Nonmedical interventions for type 2 diabetes: evidence, actionable strategies, and policy opportunities
This systematic review identified studies of nonmedical interventions designed to reduce risk for and improve clinical outcomes for type 2 diabetes. Specifically, this review sought to identify interventions that target structural racism and social determinants of health. To be included, studies were published in English; published between database initiation and January 2022; conducted in the United States; measured an intervention effect using a clinical trial, quasi-experimental, or pre-post design; included a population of adults at risk for or with type 2 diabetes; and targeted hemoglobin A1c levels, blood pressure, lipids, self-care, or quality of life as outcomes. The findings of our review indicate that interventions with targeted, multicomponent designs that combine both medical and nonmedical approaches can reduce risk for and improve clinical outcomes for type 2 diabetes. HbA1c levels improved significantly with the use of food supplementation with referral and diabetes support; the use of financial incentives with education and skills training; the use of housing relocation with counseling support; and the integration of nonmedical interventions into medical care using the electronic medical record. Our findings demonstrate that the literature on nonmedical interventions designed to address relevant social factors and target structural racism is limited. The article offers actionable strategies and identifies policy opportunities for targeting structural inequalities and decreasing social risk among adults with type 2 diabetes.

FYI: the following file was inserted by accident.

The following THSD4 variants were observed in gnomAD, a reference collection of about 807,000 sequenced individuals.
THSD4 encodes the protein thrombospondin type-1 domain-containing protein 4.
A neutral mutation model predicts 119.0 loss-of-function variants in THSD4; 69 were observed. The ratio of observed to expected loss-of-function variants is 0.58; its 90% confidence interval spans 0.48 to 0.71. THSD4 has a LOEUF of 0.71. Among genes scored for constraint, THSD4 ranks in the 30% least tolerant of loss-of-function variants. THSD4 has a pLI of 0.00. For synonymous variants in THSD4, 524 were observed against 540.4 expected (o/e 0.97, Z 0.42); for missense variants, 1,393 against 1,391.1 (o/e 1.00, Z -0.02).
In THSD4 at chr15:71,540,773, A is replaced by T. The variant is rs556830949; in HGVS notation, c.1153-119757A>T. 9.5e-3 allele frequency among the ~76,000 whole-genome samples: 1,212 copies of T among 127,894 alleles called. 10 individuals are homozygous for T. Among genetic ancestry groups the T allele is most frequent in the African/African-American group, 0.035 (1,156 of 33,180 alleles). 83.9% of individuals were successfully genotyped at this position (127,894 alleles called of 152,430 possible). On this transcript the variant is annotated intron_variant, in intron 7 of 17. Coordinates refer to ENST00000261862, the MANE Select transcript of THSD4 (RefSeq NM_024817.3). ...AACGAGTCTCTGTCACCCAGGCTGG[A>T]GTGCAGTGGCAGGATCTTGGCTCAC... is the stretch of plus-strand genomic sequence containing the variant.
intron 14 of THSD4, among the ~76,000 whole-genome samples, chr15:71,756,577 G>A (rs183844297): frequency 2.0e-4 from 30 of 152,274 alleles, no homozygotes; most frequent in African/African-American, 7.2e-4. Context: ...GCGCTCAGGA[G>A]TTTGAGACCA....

Egede LE, Walker RJ, Linde S, Campbell JA, et al. Nonmedical interventions for type 2 diabetes: evidence, actionable strategies, and policy opportunities. Health Aff (Millwood). 2022 Jul;41(7):963-970. doi: 10.1377/hlthaff.2022.00236. Epub 2022 Jun 27. PMID: 35759702.